An accomplished jockey and steeplechase champion from Ireland is suing U.S. Citizenship and Immigration Services in Pennsylvania federal court, alleging that the agency wrongly denied his 390-plus page application for an EB-1 visa because he didn't respond to a request for additional evidence despite the original petition having ample evidence to support the classification.

  • May 13, 2024

    DOL Says Policy Disagreement Not Enough To Nix H-2A Rule

    The U.S. Department of Labor rejected a group of farms' criticisms of new H-2A agricultural wages as a mere policy disagreement, telling a North Carolina federal court that the rule was appropriately enacted after taking stock of its potential financial effects.

  • May 13, 2024

    Texas, Mo. Say Border Contractors Lack Interests To Defend

    Texas and Missouri have slammed contractors' attempts to defend the Biden administration's plans to use border wall construction funds to remediate existing barriers, telling a Texas federal court that the group lacks a direct interest in the case's outcome.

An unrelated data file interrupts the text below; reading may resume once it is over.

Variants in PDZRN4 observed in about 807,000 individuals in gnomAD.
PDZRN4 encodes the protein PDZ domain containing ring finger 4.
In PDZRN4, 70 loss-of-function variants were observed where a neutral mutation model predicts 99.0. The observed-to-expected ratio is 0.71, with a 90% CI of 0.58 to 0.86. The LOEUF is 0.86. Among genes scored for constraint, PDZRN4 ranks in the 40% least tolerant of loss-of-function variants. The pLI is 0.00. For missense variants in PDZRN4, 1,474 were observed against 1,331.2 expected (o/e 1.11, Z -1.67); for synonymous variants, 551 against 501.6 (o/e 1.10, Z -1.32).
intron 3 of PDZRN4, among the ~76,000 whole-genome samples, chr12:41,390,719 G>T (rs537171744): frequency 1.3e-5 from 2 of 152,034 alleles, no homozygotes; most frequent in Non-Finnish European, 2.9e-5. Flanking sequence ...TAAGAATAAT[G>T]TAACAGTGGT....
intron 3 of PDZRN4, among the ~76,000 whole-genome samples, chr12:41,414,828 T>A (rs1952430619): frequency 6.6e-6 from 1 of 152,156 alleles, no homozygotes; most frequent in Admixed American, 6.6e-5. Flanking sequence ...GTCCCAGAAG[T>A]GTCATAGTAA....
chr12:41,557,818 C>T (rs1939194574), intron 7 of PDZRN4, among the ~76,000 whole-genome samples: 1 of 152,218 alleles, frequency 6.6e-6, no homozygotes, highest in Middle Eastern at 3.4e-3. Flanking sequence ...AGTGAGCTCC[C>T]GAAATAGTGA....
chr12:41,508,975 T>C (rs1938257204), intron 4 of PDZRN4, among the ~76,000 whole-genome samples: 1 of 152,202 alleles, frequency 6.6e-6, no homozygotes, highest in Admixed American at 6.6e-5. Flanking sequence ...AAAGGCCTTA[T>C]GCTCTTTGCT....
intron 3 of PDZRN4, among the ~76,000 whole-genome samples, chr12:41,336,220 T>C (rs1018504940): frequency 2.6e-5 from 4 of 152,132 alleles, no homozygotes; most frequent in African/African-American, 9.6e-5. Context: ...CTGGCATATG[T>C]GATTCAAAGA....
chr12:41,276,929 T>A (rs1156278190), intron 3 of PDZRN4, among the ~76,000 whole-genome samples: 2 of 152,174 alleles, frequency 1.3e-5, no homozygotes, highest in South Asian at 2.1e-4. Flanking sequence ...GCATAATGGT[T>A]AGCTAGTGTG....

• May 13, 2024

    Investor Seeks Info On Visa Denied For Money Exchanger Use

    A Vietnamese woman challenging U.S. Citizenship and Immigration Services' denial of her EB-5 petition hauled the agency into a D.C. federal court, accusing it of withholding information that may reveal why her use of a money exchanger doomed her petition.

  • May 10, 2024

    Immigration Court Backlog Swells To Nearly 3.6M Cases